Rhode Island earned a score of 82 in a report on fiscal transparency from a national watchdog organization.
Truth in Accounting released its Financial Transparency Scores 2021 report that scores states on how transparent and accurate financial information is reported at the end of a fiscal year.
CARES Act funding highlighted weak spots in states’ unemployment insurance funds, according to the report, which caused many states to receive poorer scores. Other scoring factors include timeliness or reporting and the use of outdated pension information.
Rhode Island earned 50 points for having a clean audit through an independent auditor, and then earned seven out of a 10 possible points for deferred items on the balance sheet that were not misleading or unclear. The state earned a full 10 points for having reported all off-balance sheet liabilities with its pension funding.
According to the report, the state earned four points each for timeliness and accessibility of information and five points for navigation on websites where the information is posted. However, Rhode Island received zero points because it did not use an external auditor who is not a state employee but did earn two points for pension data timing. The report uses the gold standard of fiscal reports being filed within 180 days of the close of the fiscal year.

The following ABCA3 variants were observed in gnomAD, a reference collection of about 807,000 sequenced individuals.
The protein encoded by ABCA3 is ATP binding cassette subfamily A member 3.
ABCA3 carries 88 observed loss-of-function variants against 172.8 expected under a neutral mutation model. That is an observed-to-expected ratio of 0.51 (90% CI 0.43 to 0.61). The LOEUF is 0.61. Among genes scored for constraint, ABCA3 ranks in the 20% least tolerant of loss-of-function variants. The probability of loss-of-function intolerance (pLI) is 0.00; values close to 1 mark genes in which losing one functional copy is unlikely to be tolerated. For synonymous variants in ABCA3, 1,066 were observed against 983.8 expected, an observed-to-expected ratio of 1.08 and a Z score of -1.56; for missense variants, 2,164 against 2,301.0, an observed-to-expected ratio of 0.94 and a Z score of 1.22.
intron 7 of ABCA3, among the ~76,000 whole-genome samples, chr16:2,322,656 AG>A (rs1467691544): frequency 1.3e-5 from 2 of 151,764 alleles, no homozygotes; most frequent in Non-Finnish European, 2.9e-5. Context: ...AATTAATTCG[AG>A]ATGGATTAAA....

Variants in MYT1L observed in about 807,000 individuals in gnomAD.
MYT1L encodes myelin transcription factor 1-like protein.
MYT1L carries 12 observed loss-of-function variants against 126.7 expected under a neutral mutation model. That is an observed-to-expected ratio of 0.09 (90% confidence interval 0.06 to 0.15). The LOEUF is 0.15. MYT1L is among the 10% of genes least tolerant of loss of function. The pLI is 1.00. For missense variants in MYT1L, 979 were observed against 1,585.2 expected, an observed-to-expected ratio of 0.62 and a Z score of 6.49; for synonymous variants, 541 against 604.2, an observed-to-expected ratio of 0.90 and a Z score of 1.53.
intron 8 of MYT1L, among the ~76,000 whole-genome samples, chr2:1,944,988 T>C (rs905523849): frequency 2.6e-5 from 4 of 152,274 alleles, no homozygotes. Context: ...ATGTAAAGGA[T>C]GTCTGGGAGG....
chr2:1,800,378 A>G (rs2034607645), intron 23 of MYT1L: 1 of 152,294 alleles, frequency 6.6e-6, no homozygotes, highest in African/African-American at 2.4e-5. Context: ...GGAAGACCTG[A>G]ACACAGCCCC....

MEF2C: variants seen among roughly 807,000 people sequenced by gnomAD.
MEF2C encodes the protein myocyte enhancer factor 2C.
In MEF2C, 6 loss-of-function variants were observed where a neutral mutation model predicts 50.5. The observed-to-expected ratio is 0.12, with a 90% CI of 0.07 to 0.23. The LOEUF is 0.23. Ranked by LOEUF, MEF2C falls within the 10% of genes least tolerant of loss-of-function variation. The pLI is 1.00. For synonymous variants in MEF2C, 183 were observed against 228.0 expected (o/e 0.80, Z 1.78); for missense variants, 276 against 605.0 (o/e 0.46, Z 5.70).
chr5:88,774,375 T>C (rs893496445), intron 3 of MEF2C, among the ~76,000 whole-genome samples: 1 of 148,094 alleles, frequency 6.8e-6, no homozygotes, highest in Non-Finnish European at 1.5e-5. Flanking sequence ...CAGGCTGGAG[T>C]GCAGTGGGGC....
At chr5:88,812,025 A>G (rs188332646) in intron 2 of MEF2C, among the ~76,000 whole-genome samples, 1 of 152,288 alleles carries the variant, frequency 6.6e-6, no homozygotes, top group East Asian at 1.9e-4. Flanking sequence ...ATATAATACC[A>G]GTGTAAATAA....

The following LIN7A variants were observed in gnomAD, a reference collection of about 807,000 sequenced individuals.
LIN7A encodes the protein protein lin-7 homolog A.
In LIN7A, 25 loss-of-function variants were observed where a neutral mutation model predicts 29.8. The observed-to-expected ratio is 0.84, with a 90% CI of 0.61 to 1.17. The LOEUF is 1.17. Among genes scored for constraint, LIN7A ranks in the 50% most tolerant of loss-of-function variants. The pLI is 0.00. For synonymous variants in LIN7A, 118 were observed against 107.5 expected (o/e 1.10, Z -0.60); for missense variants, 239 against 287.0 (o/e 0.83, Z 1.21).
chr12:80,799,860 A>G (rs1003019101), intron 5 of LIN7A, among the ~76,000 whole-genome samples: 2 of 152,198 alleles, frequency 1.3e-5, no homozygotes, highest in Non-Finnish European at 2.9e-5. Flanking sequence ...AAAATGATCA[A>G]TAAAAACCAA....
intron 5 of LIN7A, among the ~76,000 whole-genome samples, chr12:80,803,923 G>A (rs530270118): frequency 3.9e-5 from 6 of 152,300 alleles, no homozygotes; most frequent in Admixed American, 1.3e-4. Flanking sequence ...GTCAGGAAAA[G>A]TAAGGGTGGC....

Utah ranked first in the 2021 report, with a total score of 88 points. Colorado was the least transparent state in the country, with a 46 score. The most points a state can earn is 100.
Neighboring states Connecticut and Vermont were the most improved in the 2021 report, each gaining 25-point gains due to the states having the largest pension plans’ annual reports that received clean audit opinions.
This article was originally posted on Rhode Island ranks 18th in fiscal transparency